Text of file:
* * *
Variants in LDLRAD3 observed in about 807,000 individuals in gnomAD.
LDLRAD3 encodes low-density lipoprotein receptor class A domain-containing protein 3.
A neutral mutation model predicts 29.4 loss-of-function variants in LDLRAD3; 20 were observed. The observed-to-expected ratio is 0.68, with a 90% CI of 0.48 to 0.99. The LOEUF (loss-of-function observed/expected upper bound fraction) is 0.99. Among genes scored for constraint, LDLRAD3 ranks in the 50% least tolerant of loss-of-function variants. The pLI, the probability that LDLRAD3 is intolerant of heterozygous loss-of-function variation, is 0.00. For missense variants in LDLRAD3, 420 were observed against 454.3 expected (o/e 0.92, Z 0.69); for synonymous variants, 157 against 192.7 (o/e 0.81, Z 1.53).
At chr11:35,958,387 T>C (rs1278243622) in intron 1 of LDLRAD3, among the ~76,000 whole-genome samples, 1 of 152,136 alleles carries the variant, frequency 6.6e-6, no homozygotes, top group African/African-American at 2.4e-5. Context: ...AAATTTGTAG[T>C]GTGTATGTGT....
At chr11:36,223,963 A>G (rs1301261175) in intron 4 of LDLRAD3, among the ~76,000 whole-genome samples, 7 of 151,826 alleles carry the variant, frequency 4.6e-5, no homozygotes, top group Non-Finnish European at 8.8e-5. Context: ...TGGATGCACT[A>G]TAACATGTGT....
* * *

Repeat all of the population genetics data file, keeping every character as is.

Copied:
Variants in LDLRAD3 observed in about 807,000 individuals in gnomAD.
LDLRAD3 encodes low-density lipoprotein receptor class A domain-containing protein 3.
A neutral mutation model predicts 29.4 loss-of-function variants in LDLRAD3; 20 were observed. The observed-to-expected ratio is 0.68, with a 90% CI of 0.48 to 0.99. The LOEUF (loss-of-function observed/expected upper bound fraction) is 0.99. Among genes scored for constraint, LDLRAD3 ranks in the 50% least tolerant of loss-of-function variants. The pLI, the probability that LDLRAD3 is intolerant of heterozygous loss-of-function variation, is 0.00. For missense variants in LDLRAD3, 420 were observed against 454.3 expected (o/e 0.92, Z 0.69); for synonymous variants, 157 against 192.7 (o/e 0.81, Z 1.53).
At chr11:35,958,387 T>C (rs1278243622) in intron 1 of LDLRAD3, among the ~76,000 whole-genome samples, 1 of 152,136 alleles carries the variant, frequency 6.6e-6, no homozygotes, top group African/African-American at 2.4e-5. Context: ...AAATTTGTAG[T>C]GTGTATGTGT....
At chr11:36,223,963 A>G (rs1301261175) in intron 4 of LDLRAD3, among the ~76,000 whole-genome samples, 7 of 151,826 alleles carry the variant, frequency 4.6e-5, no homozygotes, top group Non-Finnish European at 8.8e-5. Context: ...TGGATGCACT[A>G]TAACATGTGT....